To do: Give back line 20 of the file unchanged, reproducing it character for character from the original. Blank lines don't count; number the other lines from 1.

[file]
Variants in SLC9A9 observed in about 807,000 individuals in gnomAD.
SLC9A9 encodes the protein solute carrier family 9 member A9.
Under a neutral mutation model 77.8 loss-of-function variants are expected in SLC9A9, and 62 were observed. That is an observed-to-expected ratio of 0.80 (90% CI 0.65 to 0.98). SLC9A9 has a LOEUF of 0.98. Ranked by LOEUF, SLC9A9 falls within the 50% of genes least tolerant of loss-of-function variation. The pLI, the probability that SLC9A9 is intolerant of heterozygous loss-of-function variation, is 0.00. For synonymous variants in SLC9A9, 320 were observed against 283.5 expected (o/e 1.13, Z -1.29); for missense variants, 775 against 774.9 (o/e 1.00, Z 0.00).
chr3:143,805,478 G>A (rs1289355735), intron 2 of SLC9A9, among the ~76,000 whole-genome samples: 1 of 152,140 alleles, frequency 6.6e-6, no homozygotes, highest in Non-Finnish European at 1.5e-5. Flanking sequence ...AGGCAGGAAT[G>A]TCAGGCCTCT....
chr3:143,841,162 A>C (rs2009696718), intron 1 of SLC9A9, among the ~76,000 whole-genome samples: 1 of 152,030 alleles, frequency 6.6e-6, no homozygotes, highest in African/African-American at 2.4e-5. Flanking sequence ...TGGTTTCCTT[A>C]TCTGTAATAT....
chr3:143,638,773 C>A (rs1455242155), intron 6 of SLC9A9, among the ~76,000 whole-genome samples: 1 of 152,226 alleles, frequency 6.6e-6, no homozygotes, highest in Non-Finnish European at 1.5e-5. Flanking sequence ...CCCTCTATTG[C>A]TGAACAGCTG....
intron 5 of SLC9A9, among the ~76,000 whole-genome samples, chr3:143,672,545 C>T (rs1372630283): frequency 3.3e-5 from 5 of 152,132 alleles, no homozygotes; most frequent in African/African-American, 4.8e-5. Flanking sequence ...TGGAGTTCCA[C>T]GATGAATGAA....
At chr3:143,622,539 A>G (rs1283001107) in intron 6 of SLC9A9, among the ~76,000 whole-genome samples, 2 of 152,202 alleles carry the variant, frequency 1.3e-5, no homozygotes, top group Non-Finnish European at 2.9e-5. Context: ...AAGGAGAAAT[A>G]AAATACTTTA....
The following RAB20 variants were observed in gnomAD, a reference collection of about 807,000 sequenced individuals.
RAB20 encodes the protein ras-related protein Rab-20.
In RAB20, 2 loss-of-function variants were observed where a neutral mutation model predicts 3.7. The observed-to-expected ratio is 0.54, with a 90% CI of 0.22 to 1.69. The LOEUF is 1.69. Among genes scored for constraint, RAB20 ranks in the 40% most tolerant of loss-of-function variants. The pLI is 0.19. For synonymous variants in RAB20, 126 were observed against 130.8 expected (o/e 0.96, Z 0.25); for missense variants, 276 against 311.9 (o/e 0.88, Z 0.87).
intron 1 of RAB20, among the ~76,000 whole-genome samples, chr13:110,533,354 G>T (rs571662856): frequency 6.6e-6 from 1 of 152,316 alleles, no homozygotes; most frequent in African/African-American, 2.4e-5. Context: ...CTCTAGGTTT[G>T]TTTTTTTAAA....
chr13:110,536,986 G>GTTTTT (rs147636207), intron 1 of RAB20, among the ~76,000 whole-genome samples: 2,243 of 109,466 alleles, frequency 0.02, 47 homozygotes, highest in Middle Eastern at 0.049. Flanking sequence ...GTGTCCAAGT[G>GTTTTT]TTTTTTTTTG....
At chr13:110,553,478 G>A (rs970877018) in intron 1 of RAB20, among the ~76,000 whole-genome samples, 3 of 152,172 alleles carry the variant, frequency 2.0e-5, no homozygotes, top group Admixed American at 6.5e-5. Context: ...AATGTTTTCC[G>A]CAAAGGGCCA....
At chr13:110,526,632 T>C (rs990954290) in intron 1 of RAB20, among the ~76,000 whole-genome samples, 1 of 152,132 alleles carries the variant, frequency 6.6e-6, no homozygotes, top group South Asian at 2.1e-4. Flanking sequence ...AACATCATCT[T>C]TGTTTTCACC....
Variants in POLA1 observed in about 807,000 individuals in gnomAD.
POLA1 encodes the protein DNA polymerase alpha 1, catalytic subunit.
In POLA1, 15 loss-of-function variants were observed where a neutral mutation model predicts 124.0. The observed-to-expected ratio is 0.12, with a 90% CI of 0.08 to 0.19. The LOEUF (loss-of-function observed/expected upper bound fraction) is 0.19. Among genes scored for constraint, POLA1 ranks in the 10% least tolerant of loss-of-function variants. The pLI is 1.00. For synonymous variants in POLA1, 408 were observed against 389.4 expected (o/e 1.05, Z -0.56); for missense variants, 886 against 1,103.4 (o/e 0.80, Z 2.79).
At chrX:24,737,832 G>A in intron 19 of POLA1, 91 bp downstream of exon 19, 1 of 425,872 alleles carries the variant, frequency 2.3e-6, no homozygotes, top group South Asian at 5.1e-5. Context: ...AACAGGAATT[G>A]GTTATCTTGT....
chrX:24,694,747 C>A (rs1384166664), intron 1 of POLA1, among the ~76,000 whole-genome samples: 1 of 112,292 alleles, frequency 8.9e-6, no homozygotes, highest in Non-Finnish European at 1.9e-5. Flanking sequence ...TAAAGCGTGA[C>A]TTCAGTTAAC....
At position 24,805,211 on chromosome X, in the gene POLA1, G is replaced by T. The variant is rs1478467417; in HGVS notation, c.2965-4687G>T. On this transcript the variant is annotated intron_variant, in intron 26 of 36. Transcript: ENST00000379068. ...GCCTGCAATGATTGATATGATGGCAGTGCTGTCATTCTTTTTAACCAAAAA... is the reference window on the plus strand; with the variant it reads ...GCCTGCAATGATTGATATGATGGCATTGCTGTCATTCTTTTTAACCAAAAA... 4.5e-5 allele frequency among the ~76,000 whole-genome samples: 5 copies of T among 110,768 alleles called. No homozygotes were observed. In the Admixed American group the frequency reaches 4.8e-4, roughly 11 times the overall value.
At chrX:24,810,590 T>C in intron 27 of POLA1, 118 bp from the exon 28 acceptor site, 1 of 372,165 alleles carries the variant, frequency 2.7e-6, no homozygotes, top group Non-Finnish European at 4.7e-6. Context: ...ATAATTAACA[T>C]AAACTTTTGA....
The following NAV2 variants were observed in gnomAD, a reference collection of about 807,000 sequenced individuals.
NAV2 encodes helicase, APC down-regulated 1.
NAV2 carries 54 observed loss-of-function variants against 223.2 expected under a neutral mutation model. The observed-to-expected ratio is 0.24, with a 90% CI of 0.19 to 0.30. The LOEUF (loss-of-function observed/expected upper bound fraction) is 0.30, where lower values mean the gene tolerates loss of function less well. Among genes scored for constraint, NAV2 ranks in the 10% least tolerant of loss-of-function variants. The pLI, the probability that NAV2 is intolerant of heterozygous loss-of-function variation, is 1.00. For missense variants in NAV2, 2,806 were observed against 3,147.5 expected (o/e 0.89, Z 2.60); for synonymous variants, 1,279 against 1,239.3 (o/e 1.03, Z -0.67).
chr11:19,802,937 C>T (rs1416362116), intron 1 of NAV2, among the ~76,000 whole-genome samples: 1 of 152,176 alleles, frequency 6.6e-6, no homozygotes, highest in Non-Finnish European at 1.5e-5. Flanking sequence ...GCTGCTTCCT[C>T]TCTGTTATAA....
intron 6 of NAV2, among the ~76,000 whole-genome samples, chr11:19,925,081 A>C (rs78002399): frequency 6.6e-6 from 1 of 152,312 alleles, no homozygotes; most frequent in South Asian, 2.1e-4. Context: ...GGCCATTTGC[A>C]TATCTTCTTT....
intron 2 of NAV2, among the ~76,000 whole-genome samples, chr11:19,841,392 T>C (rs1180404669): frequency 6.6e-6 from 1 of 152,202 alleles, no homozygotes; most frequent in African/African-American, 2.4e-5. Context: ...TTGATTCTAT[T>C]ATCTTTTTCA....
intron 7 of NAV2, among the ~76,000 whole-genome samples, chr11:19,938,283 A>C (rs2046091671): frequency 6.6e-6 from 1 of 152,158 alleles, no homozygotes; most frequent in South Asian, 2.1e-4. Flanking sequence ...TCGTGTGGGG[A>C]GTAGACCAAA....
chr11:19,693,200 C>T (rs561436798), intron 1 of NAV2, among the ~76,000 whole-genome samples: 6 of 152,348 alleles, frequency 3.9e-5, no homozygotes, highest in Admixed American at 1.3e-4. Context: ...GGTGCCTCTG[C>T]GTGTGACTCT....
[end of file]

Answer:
chrX:24,694,747 C>A (rs1384166664), intron 1 of POLA1, among the ~76,000 whole-genome samples: 1 of 112,292 alleles, frequency 8.9e-6, no homozygotes, highest in Non-Finnish European at 1.9e-5. Flanking sequence ...TAAAGCGTGA[C>A]TTCAGTTAAC....